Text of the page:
And what about the lack of symmetry concerning electrons in the universe. Why are they almost wholly negatively charge d electrons in our universe? Where did all of the "positrons" go? Or for that matter, how come protons are positive? Where might the "negatons" have gone? Or consider this. The universe appears to have its limits. There are two fixed energy-related limits that are connected by Planck's constant (h). There is absolute zero and the velocity of light in a vacuum. We can't get colder, or in a way slower, than that, and we can't get faster than that. And can that latter be made to say, on a universal scale, that we cannot get hotter than that? There is no limit on velocity itself, as might be shown with the vertex of hypothetical infinitely long and closing scissors blades. The hypothetical closing vertex will eventually exceed the velocity of light. The limit seems to be on the "material" of light, the light quanta or photons and by extension to the material of our universe. What is there about the "material" of light, or energy, that it has this limit? The limits on temperature and velocity touch on the mystery of the three states of matter. Add energy to a solid and it usually becomes a liquid and less structured, and so on through gas and maybe plasma. It is intuitive that energy tears apart structure. But a solid could theoretically just expand in size and not change state to something with different properties. Intriguingly, each element changes state at a specific temperaturepressure. What bothers an average guy like me is that an elegantly simple theory or organizing principle that would aid our intuitive human understandings seems to be lacking, yet to be discovered, something like Newton's F = ma, or Einstein's E = mc2, or Mendeleev's arrangement of chemicals. Lacking this simplicity, science itself seems to have become clustered and compartmentalized. Things work as we know them now. Gravity theory has worked reasonably well to predict the movements of entities in space. Electromagnetism theory has expl ained light, electricity, and magnetic fields. It can all be stretched to predict. Possibly Ptolemaic cosmology, with Earth at the center of the universe, could be made to work and predict celestial movements if given enough computing power. Trapped inside this concept-box, we could think through and calculate the universe as it may appear to be, but perhaps not in the easiest way. The following is even more mindfully not science but is offered as an example of thinking outside the present box. Joseph Priestley's phlogiston was not quite accurate, but it set into motion thinking that led to modern chemistry.

Time, in our universe, intuitively does not seem reversible. Nor does the force of gravity as we experience it. For all the time-travel and anti-gravity devices of science fiction, there seems no observed instance of time-reversal or negative time, and there seems no instance of anti-gravity or negative gravity. Nor, for that matter does there seem to be negative energy or what might be called anti-photons. There is, for instance, no sun or star that is working almost like a negative Peltier-effect thermocouple and emitting particles of dark and cold rather than light and heat. And to revisit Planck's constant for guidance one more time, it could be seen as a factor to synchronize our arbitrary units of time and distance, seconds and meters (or worse), with "natural units" of time and distance. These imaginable "natural units" might hint at fundamental entities of some kind, not unlike present concepts of "elementary" nuclear and sub-nuclear particles. These fundamental entities would seem to have something to do with the limits of time and distance, time as seen in the cessation of time (motion) at absolute zero, time and distance as seen in the maximum limit of the velocity of light. In thinking outside the box let's start with a universe of granular time and gravity. My apologies to Star Trek fans, but let's call its basic elements "chronotons" and "gravitons." Time means nothing unless it has something to act upon. And the "substance" implied by "gravitons" means nothing unless it acts over time. So chronotons and gravitons essentially do nothing by themselves. But should a chronoton and a graviton pair up or interact in some way, then time and substance come into being. What a chronoton-graviton pair looks a little bit like is a photon. The chronoton gives the pair time to act in and the graviton gives time something to act upon. Our perceived universe of time and substance comes into existence. And it is all the more tempting to see this hypothetical pair as a photon because of the limiting time-factor of the velocity of light. It would almost seem as if the graviton half of the marriage prevents the chronoton from behaving with absolute freedom and flying off infinitely fast. Extending this a little more, perhaps "charge " is a threesome. The basic particle for a negative charge, an electron, could be two chronotons plus a graviton. Its opposite, the basic particle of positive charge, the proton, might be two gravitons and a chronoton. A stronger interaction between the two gravitons held together by the chronoton might be stretched to explain the proton's apparent larger mass, but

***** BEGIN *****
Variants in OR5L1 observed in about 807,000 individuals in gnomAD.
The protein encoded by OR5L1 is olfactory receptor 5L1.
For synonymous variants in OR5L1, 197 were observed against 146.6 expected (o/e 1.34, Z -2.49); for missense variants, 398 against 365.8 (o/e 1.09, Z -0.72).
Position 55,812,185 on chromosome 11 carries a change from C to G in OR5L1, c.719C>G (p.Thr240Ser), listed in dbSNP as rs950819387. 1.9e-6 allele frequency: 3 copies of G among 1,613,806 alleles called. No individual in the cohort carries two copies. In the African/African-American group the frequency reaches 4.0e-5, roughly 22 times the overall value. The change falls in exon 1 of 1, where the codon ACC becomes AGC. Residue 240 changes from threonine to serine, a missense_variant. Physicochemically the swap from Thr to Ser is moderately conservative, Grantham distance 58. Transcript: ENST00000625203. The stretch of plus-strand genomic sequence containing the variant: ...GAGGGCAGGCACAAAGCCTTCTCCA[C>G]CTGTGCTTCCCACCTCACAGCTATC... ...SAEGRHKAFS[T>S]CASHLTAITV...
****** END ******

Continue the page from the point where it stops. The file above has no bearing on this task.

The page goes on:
mass derived from something else than pull of an electric or magnetic field and therefore maybe a different number. This is all a different way of looking at things. It might not, for instance, be only chronotons and gravitons. Maybe we could have a holy trinity, chronotons, gravitons, and neutrinos? In the Chart of Nuclides, neutrons seem to be a glue holding heavier atoms together. But beta decay seems to show that neutrons are actually protons, electrons, and neutrinos. So neutrinos would seem to be the glue. And more and more neutrinos seem to be needed to glue heavier and heavier atoms tog ether. And imagination might extend this to a neutrino binding two or more gravitons together, perhaps with a chronoton, to make a proton. This is all wild speculation. It falls short of a scheme that makes sense and is workable. But I suspect that thinking outside of the box this way might lead someone to Sweden to pick up a Nobel medal some day. And even if not, what might people say about our science and resulting cosmology seven thousand years from now? Tom Slattery is author of both short and book-length posts on Scribd and several nonfiction and fiction books listed on book sites.